The Israeli Minister of Health told CNN that he does not believe that Israel has an obligation or responsibility to provide Palestinians in the West Bank and Gaza with a coronavirus vaccine, but instead stressed cooperation in treatment to avoid an increase in new cases of Covid-19 in the Palestinian territories.
Yuli Edelstein’s comments come after the World Health Organization (WHO) said it was in informal discussions with the Israeli Ministry of Health regarding the potential supply of vaccines to the Palestinian health workforce “as a target group of immediate priority.”
We are cooperating with the Palestinians to make sure they have access to appropriate treatment for coronavirus patients. At this stage, we do not provide vaccinations, but we understand that it is in Israel’s interest to ensure that we do not enter a situation in which we are vaccinated and we get out of trouble, and on the Palestinian side there is another increase in numbers, Edelstein said on a new day on CNN.
Israel leads the world in vaccinating its people, with nearly 20% of the population receiving at least one dose of the Pfizer / BioNTech vaccine. But it has come under criticism from some human rights groups, which say it has obligations under international law to provide vaccines to Palestinians as well.
Amnesty International, for example, said last week: “The Israeli government must stop ignoring its international obligations as an occupying power and act immediately to ensure that COVID-19 vaccines are provided equally and fairly to Palestinians living under its occupation in the West Bank and Gaza Strip.”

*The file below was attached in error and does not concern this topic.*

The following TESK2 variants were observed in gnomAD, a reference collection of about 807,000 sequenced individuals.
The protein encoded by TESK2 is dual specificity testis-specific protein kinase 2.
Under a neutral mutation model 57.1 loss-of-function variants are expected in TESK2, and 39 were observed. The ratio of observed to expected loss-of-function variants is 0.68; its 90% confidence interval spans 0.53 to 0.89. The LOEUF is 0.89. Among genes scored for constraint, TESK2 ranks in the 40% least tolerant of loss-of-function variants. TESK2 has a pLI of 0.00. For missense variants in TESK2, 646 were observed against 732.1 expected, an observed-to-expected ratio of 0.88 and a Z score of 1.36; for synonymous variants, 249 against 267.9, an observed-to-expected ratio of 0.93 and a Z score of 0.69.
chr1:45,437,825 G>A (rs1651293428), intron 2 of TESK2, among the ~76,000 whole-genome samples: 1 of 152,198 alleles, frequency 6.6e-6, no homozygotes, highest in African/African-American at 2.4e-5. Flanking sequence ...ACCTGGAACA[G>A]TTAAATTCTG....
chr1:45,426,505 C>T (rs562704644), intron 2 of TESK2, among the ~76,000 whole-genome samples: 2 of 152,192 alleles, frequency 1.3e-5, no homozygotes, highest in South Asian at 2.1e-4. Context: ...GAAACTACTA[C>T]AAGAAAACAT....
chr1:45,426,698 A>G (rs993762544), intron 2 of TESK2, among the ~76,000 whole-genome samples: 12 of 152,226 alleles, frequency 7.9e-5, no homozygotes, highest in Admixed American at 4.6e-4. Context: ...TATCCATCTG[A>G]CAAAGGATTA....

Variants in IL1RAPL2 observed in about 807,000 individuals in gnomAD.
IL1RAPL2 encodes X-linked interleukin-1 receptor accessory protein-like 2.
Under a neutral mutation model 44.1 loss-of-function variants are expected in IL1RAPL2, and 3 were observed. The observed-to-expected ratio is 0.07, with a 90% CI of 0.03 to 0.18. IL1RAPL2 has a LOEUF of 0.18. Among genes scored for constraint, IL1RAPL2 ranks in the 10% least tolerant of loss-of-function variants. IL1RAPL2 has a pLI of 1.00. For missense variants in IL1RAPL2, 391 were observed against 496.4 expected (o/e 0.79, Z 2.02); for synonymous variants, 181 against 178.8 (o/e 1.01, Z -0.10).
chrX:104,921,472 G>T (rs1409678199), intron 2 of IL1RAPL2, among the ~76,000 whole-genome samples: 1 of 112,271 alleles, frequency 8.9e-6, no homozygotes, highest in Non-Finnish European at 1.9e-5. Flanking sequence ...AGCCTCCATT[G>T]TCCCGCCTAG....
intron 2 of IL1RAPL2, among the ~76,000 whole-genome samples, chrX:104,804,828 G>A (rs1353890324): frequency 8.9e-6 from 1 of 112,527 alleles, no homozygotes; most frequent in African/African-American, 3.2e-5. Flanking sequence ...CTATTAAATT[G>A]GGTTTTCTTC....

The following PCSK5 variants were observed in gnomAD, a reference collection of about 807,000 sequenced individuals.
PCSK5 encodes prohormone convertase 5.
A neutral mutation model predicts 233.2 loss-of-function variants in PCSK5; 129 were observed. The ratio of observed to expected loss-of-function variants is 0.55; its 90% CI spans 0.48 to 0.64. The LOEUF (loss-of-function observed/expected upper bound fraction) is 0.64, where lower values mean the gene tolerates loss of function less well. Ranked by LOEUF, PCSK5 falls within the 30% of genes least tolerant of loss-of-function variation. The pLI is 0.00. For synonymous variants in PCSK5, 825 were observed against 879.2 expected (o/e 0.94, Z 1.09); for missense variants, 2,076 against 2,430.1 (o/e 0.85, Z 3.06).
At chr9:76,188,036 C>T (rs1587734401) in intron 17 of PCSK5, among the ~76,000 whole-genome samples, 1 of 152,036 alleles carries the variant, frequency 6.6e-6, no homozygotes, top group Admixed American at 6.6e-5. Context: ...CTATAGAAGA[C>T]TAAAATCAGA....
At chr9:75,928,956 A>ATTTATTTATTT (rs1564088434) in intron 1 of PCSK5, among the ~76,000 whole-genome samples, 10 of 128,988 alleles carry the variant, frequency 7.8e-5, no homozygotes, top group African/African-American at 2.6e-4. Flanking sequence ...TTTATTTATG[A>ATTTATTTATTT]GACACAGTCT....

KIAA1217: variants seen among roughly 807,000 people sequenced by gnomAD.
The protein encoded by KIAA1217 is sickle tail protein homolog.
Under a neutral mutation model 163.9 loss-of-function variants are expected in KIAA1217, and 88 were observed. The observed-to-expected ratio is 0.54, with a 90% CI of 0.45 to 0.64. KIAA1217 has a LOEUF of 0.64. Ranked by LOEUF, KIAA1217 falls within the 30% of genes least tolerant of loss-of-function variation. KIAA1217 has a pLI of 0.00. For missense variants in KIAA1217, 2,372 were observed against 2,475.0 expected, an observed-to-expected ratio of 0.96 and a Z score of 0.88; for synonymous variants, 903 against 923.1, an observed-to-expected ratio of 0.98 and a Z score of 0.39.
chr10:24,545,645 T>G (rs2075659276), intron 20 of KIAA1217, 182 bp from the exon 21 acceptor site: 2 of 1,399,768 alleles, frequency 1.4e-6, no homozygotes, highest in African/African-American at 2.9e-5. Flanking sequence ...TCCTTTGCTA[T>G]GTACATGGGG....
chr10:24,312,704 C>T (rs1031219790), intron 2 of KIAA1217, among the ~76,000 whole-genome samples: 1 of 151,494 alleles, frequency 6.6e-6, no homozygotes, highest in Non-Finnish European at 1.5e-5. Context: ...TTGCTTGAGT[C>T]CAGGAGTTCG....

Groups such as Amnesty International point to the Fourth Geneva Convention which speaks, among other duties of an occupying power, of ensuring “the measures necessary to combat the spread of infectious diseases and epidemics.”
Israel says that the Oslo Accords, signed with the Palestinians in the 1990s, handed over responsibility for providing health care to Palestinians living in the West Bank and Gaza Strip to the Palestinian Authority.
The Director General of the Public Health Directorate at the Palestinian Ministry of Health told CNN that the Palestinian Authority has not requested Israeli assistance with vaccinations, which is contradicted by the head of the Union of Medical Relief Committees, Mustafa Barghouti, a prominent Palestinian politician. He told CNN reports that the Palestinian Authority sought to get about 10,000 doses for healthcare workers that were correct. Barghouti said that Israel refused the request.
The World Health Organization said that the Israeli Ministry of Health has been informed that it is ready to “explore the option” of immediate vaccinations for medical workers in the Palestinian Territories, but was told that it is “not in a position at present to provide vaccines due to the lack of vaccines in Israel.”
Edelstein told CNN: “It is in our interest; it does not in any way mean that it is our duty or our responsibility. The Palestinians run the Palestinian Authority … But as has happened over the past several months, we have always been willing to help with equipment, with good advice, with products or Medication, and this kind of cooperation will continue. ”
The Palestinian Ministry of Health said, on Monday, that it had registered the Russian Sputnik V vaccine for what it called emergency use, with an initial payment expected to arrive on the lands within a month, according to the Russian Direct Investment Fund, which sponsored the development of the vaccine. The Ministry of Health says it has also signed contracts with three suppliers of Covid-19 vaccines.